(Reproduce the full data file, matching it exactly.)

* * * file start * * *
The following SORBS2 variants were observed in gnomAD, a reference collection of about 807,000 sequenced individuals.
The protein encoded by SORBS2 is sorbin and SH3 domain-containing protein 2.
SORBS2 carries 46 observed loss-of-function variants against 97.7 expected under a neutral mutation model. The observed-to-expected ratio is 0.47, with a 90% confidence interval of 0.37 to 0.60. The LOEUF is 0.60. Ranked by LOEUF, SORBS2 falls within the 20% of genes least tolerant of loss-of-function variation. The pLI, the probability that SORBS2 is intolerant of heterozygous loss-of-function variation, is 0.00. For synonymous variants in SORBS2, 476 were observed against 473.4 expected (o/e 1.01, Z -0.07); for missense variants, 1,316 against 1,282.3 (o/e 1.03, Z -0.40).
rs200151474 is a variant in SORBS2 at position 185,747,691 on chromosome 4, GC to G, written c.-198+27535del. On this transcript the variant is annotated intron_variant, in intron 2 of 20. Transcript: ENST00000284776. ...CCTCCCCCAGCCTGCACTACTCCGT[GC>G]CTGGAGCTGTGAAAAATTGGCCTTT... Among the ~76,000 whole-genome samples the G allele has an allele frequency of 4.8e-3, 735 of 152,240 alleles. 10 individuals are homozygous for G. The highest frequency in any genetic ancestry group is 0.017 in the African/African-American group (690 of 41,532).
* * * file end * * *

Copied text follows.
The following SORBS2 variants were observed in gnomAD, a reference collection of about 807,000 sequenced individuals.
The protein encoded by SORBS2 is sorbin and SH3 domain-containing protein 2.
SORBS2 carries 46 observed loss-of-function variants against 97.7 expected under a neutral mutation model. The observed-to-expected ratio is 0.47, with a 90% confidence interval of 0.37 to 0.60. The LOEUF is 0.60. Ranked by LOEUF, SORBS2 falls within the 20% of genes least tolerant of loss-of-function variation. The pLI, the probability that SORBS2 is intolerant of heterozygous loss-of-function variation, is 0.00. For synonymous variants in SORBS2, 476 were observed against 473.4 expected (o/e 1.01, Z -0.07); for missense variants, 1,316 against 1,282.3 (o/e 1.03, Z -0.40).
rs200151474 is a variant in SORBS2 at position 185,747,691 on chromosome 4, GC to G, written c.-198+27535del. On this transcript the variant is annotated intron_variant, in intron 2 of 20. Transcript: ENST00000284776. ...CCTCCCCCAGCCTGCACTACTCCGT[GC>G]CTGGAGCTGTGAAAAATTGGCCTTT... Among the ~76,000 whole-genome samples the G allele has an allele frequency of 4.8e-3, 735 of 152,240 alleles. 10 individuals are homozygous for G. The highest frequency in any genetic ancestry group is 0.017 in the African/African-American group (690 of 41,532).